Materials are magnetic if their valence electrons align in a special way. This is most likely to happen in transition metals, since they have many loosely held valence electrons. Iron, cobalt and nickel are often magnetic. The earth's iron core makes it a giant magnet, and the terms north and south are used to describe the two directions of a magnetic field. The north pole of a magnet is attracted to the earth's North Pole.
Compounds can also be magnetic. An iron ore with the formula Fe3O4 found in Magnesia, Turkey was called magnetite, and its name because associated with the unusual property. In medieval times the rock was called lodestone (since it will "lead" north) and it was used for navigation. People discovered that iron or steel needles could be rubbed on the rock to acquire magnetization. These needles were made into navigational compasses.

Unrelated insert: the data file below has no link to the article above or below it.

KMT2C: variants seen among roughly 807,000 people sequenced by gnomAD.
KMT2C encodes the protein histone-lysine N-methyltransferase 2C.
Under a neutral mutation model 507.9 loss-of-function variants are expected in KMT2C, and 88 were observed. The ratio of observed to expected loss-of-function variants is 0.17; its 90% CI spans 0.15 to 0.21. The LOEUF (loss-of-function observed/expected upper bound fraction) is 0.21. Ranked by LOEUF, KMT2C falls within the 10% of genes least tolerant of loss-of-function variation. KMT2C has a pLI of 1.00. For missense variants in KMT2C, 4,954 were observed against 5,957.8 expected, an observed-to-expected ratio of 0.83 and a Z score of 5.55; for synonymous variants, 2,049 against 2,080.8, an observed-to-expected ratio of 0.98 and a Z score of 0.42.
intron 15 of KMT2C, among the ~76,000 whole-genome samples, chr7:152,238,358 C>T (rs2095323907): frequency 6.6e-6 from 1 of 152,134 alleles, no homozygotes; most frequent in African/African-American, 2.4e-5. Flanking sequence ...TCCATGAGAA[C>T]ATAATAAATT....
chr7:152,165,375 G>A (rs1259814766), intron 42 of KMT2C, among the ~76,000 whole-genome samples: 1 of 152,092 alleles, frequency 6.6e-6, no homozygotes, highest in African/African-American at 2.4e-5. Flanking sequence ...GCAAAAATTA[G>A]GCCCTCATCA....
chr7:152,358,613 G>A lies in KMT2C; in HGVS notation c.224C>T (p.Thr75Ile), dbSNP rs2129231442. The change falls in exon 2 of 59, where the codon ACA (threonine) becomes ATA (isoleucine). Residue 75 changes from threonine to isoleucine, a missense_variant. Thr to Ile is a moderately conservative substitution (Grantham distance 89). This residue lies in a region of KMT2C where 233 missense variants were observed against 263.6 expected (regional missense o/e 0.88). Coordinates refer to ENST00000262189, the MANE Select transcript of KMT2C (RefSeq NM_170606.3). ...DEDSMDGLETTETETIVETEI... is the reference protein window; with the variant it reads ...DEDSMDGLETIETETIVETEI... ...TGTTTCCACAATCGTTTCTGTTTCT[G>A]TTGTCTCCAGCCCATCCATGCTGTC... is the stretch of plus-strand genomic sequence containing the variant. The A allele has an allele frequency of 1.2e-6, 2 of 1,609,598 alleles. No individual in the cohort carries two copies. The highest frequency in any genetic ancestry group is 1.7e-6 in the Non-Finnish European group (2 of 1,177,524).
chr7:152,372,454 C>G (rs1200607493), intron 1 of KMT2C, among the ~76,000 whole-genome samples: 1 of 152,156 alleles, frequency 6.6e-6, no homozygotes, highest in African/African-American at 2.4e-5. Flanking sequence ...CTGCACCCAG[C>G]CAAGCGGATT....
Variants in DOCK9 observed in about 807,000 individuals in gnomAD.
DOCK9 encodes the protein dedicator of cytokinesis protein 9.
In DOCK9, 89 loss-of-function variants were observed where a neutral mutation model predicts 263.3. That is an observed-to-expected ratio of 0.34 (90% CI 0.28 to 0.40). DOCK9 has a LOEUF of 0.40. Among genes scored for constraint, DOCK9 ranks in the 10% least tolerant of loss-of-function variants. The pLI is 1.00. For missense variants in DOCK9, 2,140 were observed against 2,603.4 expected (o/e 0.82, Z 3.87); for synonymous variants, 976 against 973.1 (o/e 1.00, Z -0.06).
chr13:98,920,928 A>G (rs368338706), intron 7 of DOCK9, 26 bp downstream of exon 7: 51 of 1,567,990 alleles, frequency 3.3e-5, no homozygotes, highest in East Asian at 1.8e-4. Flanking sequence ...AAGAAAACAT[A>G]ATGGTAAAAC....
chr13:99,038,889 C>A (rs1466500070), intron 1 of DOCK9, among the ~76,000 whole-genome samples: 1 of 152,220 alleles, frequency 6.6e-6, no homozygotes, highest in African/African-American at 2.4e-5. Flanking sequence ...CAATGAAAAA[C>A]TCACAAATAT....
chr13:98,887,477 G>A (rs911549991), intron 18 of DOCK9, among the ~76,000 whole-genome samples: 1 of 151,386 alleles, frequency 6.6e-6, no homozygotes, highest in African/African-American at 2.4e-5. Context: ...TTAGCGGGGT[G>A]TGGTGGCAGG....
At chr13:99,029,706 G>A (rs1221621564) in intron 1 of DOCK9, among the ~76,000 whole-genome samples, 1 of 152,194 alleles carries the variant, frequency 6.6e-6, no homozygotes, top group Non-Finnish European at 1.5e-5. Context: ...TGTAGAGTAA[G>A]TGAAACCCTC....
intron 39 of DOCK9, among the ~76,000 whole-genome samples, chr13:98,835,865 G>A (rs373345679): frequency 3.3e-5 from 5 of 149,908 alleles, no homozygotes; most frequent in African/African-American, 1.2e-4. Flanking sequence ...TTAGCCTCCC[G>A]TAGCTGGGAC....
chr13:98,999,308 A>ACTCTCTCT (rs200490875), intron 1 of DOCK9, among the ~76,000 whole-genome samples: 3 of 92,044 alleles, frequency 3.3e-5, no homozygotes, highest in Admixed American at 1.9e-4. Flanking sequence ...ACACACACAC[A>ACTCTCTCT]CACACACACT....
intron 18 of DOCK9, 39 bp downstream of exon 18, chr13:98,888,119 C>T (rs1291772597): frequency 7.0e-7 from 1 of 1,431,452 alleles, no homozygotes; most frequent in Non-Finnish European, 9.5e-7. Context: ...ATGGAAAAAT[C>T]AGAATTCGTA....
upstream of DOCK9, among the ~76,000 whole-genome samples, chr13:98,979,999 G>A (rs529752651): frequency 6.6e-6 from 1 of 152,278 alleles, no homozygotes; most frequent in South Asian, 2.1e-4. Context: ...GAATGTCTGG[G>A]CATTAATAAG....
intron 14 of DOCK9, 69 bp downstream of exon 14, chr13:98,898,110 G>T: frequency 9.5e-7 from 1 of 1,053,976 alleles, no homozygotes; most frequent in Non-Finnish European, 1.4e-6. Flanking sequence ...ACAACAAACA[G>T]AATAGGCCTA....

Ceramic magnets such as iron, cobalt, and chromium oxides are manufactured by powder metallurgy. Small particles can be mixed with polymers to make flexible refrigerator magnets, or coated on plastic strips to make audio and video recording tapes. Strong magnetic fields are applied during processing to align the fields of the particles. Deposition of thin films in a vacuum chamber is used for computer hard drives.
Alloys can make very strong magnets. The first successful combination, aluminumnickel-cobalt, was discovered in the 1930's. Alloys containing rare earth elements are even more successful. Samarium cobalt and neodymium-iron-boron are two common combinations.
In the early 1800's it was discovered that electric current running through coils of wire creates a magnetic field. Electromagnets are used in electric transformers.
Magnetism may be lost when a material is heated. Upon heating the electrons gain energy and can reorient, losing their special alignment.